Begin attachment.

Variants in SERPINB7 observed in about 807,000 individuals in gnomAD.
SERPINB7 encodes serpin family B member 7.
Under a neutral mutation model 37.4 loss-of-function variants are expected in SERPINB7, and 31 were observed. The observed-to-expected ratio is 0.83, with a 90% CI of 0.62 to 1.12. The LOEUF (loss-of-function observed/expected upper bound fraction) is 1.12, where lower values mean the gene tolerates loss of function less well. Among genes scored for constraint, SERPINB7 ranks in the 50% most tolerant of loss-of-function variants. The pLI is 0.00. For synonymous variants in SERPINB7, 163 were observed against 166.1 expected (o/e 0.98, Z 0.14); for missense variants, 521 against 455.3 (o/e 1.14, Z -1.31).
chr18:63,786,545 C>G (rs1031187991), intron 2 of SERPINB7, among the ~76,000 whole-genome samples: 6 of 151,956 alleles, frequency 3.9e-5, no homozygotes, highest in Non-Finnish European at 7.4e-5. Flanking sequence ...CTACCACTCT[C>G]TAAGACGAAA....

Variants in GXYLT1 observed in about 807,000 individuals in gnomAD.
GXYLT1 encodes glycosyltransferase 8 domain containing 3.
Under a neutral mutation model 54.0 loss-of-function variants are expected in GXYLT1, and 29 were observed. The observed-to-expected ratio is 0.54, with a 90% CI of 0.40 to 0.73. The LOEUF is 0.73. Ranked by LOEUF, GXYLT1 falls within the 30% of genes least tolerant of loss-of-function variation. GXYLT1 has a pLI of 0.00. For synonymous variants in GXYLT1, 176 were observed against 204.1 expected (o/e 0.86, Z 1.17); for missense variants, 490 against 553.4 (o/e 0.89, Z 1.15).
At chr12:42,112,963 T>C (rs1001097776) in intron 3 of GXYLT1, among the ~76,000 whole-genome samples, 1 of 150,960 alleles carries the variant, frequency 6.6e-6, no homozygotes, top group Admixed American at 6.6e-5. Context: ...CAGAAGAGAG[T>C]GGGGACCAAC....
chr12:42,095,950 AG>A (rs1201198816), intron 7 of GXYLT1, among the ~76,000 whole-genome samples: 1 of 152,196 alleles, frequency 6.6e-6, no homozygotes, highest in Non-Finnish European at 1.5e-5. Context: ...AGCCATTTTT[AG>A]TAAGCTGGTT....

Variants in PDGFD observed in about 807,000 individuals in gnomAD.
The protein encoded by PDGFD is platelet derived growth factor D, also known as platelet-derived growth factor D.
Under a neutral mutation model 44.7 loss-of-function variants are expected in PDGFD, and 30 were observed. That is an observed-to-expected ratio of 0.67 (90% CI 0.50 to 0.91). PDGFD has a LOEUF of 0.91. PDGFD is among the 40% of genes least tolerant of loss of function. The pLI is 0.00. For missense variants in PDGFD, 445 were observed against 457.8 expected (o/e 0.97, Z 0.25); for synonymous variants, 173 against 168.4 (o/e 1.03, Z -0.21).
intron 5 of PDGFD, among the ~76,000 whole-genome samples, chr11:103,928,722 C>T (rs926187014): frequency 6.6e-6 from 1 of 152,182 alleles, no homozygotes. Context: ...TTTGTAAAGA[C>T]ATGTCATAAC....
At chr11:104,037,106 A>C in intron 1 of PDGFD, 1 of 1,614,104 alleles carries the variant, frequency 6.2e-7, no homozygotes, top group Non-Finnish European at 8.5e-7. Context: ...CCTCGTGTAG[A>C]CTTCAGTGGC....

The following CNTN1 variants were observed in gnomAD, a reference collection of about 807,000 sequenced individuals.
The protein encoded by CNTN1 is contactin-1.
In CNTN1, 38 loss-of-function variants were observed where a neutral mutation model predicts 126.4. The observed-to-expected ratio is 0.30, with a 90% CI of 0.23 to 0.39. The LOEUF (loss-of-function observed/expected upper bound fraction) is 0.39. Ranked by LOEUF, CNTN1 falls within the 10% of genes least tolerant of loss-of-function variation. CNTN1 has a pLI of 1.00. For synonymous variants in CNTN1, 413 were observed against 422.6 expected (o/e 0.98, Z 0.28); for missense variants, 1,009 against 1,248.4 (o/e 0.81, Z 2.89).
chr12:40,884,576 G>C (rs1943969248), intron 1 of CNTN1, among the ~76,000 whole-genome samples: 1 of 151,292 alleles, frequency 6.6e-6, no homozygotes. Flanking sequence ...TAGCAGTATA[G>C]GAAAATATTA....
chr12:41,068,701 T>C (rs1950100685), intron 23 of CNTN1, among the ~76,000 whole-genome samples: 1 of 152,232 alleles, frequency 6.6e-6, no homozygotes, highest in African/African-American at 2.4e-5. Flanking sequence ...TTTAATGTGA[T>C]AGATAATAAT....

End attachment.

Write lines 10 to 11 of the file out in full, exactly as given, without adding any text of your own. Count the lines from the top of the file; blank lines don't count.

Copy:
Variants in PDGFD observed in about 807,000 individuals in gnomAD.
The protein encoded by PDGFD is platelet derived growth factor D, also known as platelet-derived growth factor D.